Every year, the last day of school comes as a surprise. I prepare for it for months, planning activities to keep the students entertained while the clock ticks down, but it’s still a surprise when it arrives. By fifth grade, the students know the year is over when grades close so everything after that is a challenge to keep them interested enough not to die of boredom.
This year, I filled some of that time by reading On a Wing and a Dare to them. I’ve had some experience reading my work to adult reviewers and having adults read it themselves. Their comments and questions have been relevant and helpful as I polish this manuscript, but they are not my target audience.
On a Wing and a Dare is Young Adult fantasy, so I like to get young adult feedback when possible. Now I know my newly eleven year old students are hardly young adults, but they read voraciously and they were available. But reading to children is very different. Adults respect the effort it takes to write 65,000 words. Adults recognize that those words represent a piece of your soul. Adults temper their comments so as not to offend. Children don’t do that. Don’t ever read your work to a child unless you are prepared for blatant honesty.
If you lose their interest, they start side conversations while you are reading. They laugh out loud and you realize they are laughing at something a classmate did, not your work (which is good, since you weren’t reading a funny part). You start to read a new chapter, and a few groan out loud.
But I never set out to appeal to absolutely everyone. In my class there are students who hate Hunger Games, other students who despise Twilight, some who cannot stand Eragon, and a few who dislike The Mysterious Benedict Society. With my novel-in-progress, I offer them the opportunity to change what they don’t like in a book before it is published. It’s a heady power.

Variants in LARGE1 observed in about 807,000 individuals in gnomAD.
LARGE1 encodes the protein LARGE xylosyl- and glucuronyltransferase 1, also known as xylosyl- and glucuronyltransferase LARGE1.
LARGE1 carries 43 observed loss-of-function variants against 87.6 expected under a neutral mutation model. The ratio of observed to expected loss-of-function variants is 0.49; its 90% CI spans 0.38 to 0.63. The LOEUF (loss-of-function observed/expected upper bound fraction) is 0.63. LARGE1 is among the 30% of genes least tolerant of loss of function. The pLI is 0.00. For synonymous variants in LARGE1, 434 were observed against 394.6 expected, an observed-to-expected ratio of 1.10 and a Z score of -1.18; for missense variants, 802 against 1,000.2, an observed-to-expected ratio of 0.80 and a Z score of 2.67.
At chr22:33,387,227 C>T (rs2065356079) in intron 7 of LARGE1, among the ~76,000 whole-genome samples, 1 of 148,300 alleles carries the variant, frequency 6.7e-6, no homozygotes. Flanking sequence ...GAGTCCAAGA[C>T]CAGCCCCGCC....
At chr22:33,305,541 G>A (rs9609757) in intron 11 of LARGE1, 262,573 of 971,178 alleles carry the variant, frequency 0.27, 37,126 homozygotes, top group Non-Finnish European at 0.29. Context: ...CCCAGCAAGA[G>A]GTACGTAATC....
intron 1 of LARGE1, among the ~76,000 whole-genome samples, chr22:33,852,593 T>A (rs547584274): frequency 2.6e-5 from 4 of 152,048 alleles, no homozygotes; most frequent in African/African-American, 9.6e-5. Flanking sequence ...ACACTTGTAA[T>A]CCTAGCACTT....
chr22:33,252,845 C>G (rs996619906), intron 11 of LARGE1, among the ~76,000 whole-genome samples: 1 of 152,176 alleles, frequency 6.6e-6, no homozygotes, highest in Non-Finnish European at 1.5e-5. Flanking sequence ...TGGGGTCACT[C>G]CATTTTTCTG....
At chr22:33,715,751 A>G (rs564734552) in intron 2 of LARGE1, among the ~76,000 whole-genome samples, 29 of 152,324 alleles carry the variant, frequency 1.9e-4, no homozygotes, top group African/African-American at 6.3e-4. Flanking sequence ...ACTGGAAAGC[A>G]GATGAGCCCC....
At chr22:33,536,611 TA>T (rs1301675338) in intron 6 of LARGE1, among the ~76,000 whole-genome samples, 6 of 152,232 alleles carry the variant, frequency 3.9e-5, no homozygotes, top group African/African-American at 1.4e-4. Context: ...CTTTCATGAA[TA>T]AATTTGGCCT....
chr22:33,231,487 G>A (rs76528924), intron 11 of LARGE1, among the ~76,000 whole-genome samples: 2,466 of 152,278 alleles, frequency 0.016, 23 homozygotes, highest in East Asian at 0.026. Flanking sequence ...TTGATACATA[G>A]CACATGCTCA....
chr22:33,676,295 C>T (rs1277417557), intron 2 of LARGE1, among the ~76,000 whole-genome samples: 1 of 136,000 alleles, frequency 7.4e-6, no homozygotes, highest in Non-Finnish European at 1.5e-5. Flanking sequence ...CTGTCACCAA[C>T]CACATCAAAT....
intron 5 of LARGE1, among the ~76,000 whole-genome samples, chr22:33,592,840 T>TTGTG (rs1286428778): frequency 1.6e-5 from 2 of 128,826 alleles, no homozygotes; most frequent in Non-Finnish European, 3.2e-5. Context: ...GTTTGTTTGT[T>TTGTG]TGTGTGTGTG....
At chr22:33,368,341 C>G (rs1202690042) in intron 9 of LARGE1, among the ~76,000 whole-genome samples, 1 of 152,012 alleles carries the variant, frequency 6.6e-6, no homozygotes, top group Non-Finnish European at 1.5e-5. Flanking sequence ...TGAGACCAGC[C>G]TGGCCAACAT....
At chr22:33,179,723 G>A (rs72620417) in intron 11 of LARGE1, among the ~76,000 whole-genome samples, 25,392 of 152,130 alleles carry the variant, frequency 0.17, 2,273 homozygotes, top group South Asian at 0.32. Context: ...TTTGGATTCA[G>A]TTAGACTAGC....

So most took it seriously. Most of them were able to remember a chapter that they loved. They followed the theme, understood the message, and loved or hated the characters they were supposed to love or hate. They gave me a good discussion about a chapter I was having trouble with, and helped me rework the ending.
The biggest problem with reading to children, though, is that they are demanding. They want the next novel NOW. Don’t they realize it took me two years to get this one to this point?
And that’s what summer is all about–writing! I’m looking forward to reviewing other writers’ work and finishing On a Wing and a Dare’s polish. I’m working on a historical fiction piece called Under the Almond Trees, and I guess I’d better start outlining another flying horse saga. The first day of school is August 17–I’d better get busy!
On my Kindle: Game of Thrones by George R. R. Martin